A group of engineering masters’ students from Grand Valley State University in Michigan have designed blackout-proof solar devices that can continuously provide electric power to a rural hospital in Malawi, Africa.
Using the concepts they learned in the course called “Hideout Photovoltaic Systems,” these engineering students took up a project focused on designing an emergency photovoltaic backup system for Embangweni Mission Hospital in a village in Northern Malawi, where the residents experience at least six hours without electricity each day. This project will give the hospital the capability to save more lives.
The student team spent a week at the hospital and its clinics, installing the 100W solar panels and other components of their device, which is called the Solar Suction Surgery System, or “S4”.
During this period, they also trained the hospital staff to use and maintain the S4s. This device harvests solar energy to its 110 Ah Lead Acid AGM battery, whose supply can be used for five electrical loads, including two lights (provided with the system), two consumer electronics chargers (for phones or tablets) and one for a portable suction machine.
Not only can this device be charged through the provided solar panel, but also through an AC wall outlet of 220V-50 Hz. It is estimated that for a normal use of charging two tablets for three hours a day, and using the two LED lights for 12 hours a day, the device can provide an autonomous backup of up to 48 hours. With little to no electricity in the region where the hospitals require electricity for operations, deliveries, sterilizations and other medical procedures, this device offers significant benefits in the area.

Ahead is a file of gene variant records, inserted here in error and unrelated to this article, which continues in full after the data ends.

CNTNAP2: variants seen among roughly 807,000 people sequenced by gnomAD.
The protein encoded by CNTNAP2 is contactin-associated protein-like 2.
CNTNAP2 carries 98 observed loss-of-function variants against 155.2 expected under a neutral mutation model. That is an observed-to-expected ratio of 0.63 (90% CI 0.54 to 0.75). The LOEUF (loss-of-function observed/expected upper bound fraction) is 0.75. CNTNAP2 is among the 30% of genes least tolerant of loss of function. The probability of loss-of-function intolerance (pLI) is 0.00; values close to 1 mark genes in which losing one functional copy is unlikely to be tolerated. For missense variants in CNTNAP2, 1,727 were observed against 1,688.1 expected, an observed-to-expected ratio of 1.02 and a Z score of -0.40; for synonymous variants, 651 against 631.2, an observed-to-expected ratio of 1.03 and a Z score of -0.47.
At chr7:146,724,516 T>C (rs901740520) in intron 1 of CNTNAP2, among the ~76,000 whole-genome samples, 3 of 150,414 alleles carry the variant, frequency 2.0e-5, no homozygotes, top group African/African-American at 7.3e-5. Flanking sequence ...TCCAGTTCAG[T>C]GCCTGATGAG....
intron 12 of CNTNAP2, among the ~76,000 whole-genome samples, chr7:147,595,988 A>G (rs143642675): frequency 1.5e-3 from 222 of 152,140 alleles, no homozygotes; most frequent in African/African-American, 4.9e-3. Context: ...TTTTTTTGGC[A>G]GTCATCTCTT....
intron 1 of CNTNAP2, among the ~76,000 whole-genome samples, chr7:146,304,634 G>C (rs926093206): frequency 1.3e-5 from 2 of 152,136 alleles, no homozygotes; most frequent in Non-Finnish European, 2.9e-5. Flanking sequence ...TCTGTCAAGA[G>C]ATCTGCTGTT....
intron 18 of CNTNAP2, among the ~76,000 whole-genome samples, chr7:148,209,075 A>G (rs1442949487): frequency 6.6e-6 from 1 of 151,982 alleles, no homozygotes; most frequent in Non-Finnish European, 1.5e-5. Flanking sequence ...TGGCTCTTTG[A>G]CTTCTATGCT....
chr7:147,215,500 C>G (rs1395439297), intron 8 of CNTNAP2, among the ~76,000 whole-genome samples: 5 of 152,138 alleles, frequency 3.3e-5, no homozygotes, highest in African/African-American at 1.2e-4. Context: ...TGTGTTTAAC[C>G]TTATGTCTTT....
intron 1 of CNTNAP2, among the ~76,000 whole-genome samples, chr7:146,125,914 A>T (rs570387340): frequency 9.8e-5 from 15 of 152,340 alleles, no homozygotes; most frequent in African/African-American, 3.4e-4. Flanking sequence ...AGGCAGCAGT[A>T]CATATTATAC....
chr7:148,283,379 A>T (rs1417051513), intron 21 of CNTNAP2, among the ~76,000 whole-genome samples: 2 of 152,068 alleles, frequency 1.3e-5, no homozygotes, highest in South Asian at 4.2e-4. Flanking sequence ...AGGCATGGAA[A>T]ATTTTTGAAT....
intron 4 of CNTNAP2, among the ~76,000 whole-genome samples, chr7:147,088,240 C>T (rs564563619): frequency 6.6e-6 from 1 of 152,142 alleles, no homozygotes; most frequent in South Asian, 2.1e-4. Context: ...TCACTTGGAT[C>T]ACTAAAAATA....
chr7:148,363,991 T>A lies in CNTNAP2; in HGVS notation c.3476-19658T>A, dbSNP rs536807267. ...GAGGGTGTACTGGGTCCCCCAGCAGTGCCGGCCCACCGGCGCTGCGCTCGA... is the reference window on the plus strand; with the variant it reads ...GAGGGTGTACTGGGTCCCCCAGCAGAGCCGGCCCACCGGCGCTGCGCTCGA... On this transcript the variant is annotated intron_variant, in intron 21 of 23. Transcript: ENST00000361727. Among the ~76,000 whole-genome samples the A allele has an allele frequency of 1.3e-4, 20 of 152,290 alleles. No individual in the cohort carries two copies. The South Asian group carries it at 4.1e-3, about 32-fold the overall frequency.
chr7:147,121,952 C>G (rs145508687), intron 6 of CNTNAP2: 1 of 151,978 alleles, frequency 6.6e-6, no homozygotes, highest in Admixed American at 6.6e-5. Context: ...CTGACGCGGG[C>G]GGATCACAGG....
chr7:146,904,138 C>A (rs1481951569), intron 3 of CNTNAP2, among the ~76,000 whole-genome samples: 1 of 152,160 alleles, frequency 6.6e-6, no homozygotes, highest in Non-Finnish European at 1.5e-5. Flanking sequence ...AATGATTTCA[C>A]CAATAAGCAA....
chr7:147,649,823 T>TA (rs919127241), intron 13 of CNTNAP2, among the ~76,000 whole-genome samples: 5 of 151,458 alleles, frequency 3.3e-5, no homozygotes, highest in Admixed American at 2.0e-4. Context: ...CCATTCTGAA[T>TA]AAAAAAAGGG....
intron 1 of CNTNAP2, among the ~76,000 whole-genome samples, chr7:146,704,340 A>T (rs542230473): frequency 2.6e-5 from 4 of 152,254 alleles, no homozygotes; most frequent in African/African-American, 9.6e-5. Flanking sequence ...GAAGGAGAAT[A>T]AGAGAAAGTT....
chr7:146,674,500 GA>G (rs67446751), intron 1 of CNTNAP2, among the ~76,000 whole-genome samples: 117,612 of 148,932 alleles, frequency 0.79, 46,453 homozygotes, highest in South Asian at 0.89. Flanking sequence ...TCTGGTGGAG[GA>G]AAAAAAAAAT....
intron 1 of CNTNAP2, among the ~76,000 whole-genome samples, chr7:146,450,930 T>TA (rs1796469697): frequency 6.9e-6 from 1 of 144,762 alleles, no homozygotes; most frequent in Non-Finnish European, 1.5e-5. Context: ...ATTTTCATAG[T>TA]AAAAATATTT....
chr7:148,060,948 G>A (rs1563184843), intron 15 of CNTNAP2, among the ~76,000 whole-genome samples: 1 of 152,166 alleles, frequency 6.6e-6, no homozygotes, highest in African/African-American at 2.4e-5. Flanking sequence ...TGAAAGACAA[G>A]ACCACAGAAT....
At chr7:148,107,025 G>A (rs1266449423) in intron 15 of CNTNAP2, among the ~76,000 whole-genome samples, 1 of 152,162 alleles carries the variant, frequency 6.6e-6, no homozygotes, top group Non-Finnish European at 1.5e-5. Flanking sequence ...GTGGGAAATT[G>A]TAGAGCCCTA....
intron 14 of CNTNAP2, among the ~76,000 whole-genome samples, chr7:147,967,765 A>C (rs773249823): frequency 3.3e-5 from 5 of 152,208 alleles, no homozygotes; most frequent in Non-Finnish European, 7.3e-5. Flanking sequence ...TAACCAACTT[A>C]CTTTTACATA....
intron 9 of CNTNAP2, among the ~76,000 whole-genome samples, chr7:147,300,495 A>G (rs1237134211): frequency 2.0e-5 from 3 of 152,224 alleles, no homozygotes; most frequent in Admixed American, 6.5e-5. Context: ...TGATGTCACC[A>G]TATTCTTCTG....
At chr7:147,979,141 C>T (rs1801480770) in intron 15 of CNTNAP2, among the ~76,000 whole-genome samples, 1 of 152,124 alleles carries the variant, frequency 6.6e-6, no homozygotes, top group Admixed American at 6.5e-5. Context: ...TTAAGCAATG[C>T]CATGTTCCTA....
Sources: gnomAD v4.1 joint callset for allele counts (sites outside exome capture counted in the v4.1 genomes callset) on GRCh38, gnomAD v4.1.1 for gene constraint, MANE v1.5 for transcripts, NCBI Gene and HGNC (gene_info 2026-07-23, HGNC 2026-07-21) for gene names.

This project was solicited from engineering professor Heidi Jiao by an American physician, Dr. Martha Sommers, who has been practicing medicine in the poor nations of Africa since 1997. She would often see dying patients, suffering from cerebral malaria who would struggle to get an IV due to lack of electrical power where the hospital staff would be forced to work in the dark, relying on flashlights.
This was a frequent problem while performing emergency surgeries, like C-sections. “When the power went out, we relied on a flashlight and we no longer had the ability to use a suction tool to clear fluid from wounds,” Sommers said. “This happened many times when we were working to save a mother and her child. Many times the patient died.”
Graduate electrical and computer engineering students Sofia Fanourakis and Patrick McCarthy led the S4 project team, and found it amazing to see how the fascinating theory they learned in class can have a massive impact on the big picture at a global scale. Another student on the team mentioned that knowing he was able to provide a solution for frequent blackouts in one of the poorest countries in Africa enhanced his passion towards finding ways to apply theory to direct practical applications.
The GVSU team have installed three fully functioning S4 units since August 2016, and the hospital employees look forward to inviting more faculty and students from Grand Valley State University to perform research and invest in solar energy projects in Embangweni.
The student team also partnered with GVSU’s public service organization Teaching Through Technology (T3), which works to serve the international community by making the entire project and its constituent designs open source under the name of “solaRescue.”